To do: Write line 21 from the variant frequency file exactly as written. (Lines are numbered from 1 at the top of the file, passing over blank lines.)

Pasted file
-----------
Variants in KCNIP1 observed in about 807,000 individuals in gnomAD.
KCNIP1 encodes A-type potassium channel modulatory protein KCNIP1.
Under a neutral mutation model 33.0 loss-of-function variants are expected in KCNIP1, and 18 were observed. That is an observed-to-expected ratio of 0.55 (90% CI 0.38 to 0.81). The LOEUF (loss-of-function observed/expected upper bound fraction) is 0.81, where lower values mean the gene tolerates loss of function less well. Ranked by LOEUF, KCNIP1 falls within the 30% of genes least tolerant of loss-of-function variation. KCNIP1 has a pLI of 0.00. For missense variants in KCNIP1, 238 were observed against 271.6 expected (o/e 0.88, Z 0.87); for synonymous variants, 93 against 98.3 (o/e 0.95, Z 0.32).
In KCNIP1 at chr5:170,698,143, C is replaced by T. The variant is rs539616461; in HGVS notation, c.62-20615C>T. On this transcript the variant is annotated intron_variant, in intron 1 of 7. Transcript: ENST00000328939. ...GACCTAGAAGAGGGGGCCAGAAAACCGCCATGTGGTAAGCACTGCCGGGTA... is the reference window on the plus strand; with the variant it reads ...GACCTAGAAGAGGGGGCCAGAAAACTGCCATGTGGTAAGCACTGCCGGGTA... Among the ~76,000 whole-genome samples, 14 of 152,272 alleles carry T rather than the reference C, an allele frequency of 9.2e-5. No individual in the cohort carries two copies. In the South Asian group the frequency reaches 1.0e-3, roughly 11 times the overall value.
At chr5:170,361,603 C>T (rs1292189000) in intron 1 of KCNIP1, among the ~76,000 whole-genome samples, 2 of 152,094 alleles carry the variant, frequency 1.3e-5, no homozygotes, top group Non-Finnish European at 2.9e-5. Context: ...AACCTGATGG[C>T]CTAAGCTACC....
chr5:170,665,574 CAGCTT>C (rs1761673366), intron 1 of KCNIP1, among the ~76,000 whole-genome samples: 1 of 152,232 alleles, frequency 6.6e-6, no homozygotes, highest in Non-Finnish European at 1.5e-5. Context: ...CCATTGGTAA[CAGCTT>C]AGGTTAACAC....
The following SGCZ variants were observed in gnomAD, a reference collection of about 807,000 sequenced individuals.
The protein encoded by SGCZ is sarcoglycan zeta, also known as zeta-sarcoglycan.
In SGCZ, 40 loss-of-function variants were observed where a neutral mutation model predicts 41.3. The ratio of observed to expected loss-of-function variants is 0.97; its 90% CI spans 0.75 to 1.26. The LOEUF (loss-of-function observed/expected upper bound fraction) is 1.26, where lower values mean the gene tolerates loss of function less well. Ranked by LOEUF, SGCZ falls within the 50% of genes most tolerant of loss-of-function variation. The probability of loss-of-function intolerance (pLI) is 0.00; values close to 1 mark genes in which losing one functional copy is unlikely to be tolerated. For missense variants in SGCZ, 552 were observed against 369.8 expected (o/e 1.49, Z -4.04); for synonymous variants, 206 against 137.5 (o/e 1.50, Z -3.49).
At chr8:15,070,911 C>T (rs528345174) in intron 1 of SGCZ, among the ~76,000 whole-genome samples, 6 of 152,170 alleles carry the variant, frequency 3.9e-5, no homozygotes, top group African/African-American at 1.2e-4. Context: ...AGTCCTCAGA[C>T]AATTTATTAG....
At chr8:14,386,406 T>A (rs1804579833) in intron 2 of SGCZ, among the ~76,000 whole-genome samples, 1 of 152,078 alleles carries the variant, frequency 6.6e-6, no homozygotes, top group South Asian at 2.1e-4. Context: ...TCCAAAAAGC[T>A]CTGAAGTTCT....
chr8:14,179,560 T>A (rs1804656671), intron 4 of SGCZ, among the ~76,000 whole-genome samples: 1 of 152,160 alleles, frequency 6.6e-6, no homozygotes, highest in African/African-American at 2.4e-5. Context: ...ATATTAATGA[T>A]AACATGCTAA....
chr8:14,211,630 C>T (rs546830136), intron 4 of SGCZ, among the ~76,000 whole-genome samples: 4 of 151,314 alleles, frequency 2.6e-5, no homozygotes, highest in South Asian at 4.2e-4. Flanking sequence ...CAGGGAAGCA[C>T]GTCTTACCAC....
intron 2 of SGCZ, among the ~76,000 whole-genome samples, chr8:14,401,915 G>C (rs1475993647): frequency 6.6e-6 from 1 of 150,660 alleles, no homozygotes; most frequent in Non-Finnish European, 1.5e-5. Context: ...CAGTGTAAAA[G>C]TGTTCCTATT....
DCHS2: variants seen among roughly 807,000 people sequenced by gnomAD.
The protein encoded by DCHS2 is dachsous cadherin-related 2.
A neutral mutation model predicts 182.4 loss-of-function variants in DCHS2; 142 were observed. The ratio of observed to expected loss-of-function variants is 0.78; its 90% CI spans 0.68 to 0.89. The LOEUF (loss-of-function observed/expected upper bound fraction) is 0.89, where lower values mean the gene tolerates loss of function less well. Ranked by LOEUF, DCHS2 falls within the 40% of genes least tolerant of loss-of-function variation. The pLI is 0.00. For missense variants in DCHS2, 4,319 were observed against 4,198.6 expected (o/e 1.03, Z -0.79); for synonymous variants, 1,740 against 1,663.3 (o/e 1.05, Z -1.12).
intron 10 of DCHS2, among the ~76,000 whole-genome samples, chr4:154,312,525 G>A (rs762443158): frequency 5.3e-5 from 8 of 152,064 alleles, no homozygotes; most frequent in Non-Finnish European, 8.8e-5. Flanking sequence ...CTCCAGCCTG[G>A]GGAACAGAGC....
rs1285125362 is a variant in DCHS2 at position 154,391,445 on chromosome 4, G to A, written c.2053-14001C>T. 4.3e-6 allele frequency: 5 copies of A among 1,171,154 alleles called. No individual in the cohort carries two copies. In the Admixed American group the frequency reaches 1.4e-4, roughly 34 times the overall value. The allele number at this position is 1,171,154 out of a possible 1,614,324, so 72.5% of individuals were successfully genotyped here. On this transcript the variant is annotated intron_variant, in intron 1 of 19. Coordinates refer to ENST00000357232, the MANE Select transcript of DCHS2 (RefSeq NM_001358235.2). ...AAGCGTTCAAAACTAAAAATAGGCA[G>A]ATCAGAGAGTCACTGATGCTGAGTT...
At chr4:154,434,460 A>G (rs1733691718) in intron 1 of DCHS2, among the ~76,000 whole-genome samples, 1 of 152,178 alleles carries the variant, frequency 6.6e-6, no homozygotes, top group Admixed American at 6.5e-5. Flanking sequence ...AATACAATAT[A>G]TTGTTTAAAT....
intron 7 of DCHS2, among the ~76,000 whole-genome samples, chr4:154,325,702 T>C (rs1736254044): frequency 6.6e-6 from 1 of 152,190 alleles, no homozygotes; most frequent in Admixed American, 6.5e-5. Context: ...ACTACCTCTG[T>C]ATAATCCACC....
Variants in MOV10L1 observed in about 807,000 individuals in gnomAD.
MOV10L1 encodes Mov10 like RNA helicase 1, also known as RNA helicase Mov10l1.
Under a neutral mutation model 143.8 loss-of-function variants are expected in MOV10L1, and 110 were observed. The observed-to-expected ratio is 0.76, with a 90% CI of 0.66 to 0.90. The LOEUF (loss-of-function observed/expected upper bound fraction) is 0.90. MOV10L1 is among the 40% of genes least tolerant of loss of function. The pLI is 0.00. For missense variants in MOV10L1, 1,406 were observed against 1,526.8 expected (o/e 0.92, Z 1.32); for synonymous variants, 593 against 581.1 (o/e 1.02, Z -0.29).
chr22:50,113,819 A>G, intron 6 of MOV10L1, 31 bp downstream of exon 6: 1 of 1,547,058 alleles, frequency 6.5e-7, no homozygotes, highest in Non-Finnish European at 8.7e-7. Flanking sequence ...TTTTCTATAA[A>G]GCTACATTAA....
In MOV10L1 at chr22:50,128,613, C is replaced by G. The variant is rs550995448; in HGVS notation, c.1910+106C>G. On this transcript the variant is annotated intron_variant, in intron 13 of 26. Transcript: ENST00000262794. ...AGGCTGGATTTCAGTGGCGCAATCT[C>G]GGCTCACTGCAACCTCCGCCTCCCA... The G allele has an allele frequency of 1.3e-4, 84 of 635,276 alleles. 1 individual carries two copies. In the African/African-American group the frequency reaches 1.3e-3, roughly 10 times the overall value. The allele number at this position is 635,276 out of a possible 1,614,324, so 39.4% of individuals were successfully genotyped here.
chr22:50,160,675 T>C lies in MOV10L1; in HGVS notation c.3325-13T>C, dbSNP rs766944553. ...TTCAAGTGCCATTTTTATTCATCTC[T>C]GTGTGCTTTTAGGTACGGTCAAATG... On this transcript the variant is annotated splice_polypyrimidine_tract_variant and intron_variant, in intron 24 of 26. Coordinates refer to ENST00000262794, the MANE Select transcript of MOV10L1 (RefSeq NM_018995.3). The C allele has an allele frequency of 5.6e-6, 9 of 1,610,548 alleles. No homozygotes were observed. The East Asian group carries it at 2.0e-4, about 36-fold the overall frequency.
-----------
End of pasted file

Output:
intron 7 of DCHS2, among the ~76,000 whole-genome samples, chr4:154,325,702 T>C (rs1736254044): frequency 6.6e-6 from 1 of 152,190 alleles, no homozygotes; most frequent in Admixed American, 6.5e-5. Context: ...ACTACCTCTG[T>C]ATAATCCACC....